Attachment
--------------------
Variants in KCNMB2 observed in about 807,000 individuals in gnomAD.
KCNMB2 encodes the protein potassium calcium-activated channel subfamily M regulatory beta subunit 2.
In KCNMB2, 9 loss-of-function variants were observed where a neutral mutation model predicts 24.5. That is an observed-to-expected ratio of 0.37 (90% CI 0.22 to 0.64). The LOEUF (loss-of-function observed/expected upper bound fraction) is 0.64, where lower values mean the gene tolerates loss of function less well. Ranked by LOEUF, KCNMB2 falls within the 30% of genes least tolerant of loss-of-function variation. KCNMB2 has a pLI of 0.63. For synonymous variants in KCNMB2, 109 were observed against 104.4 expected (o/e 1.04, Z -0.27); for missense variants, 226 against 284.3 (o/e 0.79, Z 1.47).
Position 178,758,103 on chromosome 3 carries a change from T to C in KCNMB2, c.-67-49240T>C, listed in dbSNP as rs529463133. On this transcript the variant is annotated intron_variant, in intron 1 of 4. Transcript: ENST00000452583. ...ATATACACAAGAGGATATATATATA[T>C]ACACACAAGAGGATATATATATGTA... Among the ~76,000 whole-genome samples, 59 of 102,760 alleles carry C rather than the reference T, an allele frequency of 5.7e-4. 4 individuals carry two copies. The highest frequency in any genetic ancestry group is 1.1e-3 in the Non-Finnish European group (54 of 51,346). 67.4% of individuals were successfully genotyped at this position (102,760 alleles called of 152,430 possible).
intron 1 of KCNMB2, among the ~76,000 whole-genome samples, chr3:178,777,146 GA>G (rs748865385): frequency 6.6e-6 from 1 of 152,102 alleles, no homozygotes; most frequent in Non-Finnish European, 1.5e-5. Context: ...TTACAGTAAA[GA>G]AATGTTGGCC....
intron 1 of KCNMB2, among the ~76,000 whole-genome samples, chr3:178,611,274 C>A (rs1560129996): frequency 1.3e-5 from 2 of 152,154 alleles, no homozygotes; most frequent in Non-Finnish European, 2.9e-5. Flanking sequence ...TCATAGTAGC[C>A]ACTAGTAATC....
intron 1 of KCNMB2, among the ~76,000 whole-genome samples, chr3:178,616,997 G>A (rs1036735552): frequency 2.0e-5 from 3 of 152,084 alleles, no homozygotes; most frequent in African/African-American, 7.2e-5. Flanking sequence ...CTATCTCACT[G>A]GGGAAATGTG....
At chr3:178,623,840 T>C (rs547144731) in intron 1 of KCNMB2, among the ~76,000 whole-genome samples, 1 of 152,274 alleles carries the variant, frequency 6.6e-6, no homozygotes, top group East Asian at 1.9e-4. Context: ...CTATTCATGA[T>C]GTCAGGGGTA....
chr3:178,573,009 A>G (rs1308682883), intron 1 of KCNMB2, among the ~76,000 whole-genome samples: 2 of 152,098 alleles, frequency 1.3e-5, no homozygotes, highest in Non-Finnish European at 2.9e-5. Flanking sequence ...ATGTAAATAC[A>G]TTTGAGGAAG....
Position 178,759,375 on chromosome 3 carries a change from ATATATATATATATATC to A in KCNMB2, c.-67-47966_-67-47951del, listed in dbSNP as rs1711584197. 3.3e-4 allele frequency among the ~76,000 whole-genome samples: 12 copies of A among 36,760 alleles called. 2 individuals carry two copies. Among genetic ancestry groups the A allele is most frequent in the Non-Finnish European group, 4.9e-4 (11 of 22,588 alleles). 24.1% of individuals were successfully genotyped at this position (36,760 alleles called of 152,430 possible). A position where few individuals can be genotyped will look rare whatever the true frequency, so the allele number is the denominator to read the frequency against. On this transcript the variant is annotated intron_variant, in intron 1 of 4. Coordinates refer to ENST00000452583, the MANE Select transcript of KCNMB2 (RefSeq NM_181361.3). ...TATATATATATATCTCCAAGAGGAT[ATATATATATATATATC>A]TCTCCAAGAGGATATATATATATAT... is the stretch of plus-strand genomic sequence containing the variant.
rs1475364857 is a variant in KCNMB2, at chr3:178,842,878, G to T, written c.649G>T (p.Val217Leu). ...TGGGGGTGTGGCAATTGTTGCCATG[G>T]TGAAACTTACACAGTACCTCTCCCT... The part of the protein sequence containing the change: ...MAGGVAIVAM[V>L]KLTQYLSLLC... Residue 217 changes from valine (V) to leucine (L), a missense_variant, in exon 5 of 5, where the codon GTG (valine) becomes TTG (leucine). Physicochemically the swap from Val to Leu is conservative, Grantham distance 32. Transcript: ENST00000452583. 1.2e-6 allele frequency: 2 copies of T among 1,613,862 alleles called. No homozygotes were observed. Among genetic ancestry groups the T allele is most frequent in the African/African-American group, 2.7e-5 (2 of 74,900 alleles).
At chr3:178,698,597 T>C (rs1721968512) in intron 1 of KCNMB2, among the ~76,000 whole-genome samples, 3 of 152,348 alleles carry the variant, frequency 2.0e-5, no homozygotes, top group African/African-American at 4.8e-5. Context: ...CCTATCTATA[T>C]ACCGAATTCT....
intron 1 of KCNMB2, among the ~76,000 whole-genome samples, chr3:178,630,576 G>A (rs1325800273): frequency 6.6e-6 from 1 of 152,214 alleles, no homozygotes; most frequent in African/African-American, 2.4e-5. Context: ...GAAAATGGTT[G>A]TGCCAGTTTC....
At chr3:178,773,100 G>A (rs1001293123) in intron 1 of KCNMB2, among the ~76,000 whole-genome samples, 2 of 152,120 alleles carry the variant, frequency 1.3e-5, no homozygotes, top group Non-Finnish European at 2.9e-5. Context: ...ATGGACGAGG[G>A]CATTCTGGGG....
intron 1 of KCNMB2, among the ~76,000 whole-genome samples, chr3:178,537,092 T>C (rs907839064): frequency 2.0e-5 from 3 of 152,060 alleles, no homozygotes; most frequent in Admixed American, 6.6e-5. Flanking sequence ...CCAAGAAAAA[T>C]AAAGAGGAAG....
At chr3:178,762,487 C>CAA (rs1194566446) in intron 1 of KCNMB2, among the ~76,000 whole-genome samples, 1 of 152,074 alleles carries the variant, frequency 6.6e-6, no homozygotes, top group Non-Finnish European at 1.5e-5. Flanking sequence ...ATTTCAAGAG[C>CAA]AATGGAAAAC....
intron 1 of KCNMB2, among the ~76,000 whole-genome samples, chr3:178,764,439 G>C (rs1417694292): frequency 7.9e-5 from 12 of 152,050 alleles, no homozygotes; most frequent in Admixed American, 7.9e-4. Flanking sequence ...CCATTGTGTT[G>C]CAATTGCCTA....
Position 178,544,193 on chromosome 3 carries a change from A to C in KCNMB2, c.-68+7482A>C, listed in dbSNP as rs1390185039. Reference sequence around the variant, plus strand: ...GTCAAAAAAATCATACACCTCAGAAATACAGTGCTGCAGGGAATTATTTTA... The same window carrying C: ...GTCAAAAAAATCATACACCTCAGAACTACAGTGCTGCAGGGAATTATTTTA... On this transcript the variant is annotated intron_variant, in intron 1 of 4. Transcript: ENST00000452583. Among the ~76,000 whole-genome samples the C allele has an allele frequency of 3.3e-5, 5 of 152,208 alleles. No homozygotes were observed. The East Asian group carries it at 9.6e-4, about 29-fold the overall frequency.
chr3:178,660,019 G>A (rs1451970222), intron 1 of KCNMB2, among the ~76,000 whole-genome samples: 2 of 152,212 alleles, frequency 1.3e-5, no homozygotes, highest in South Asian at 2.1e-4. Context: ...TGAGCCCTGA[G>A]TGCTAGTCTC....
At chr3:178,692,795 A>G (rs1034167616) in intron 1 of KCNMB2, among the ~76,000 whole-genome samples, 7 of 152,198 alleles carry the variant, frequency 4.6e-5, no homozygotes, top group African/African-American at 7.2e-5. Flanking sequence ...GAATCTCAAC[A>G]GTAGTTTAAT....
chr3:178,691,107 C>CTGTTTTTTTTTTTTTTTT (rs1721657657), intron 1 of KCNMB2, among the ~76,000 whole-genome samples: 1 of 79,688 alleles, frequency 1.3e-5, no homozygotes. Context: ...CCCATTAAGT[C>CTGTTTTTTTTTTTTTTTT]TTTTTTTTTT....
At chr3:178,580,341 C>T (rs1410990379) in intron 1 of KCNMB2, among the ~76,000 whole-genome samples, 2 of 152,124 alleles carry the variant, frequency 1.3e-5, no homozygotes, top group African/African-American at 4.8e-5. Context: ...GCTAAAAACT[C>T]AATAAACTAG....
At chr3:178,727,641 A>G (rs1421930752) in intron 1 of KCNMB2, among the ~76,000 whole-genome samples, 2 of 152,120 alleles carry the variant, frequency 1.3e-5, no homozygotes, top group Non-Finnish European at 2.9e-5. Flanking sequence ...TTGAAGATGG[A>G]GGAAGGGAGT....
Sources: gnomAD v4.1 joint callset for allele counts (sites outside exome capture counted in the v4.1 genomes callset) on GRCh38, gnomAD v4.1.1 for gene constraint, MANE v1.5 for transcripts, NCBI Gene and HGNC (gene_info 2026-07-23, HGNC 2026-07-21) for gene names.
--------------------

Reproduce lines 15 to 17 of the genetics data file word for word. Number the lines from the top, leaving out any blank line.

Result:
intron 1 of KCNMB2, among the ~76,000 whole-genome samples, chr3:178,537,092 T>C (rs907839064): frequency 2.0e-5 from 3 of 152,060 alleles, no homozygotes; most frequent in Admixed American, 6.6e-5. Flanking sequence ...CCAAGAAAAA[T>C]AAAGAGGAAG....
At chr3:178,762,487 C>CAA (rs1194566446) in intron 1 of KCNMB2, among the ~76,000 whole-genome samples, 1 of 152,074 alleles carries the variant, frequency 6.6e-6, no homozygotes, top group Non-Finnish European at 1.5e-5. Flanking sequence ...ATTTCAAGAG[C>CAA]AATGGAAAAC....
intron 1 of KCNMB2, among the ~76,000 whole-genome samples, chr3:178,764,439 G>C (rs1417694292): frequency 7.9e-5 from 12 of 152,050 alleles, no homozygotes; most frequent in Admixed American, 7.9e-4. Flanking sequence ...CCATTGTGTT[G>C]CAATTGCCTA....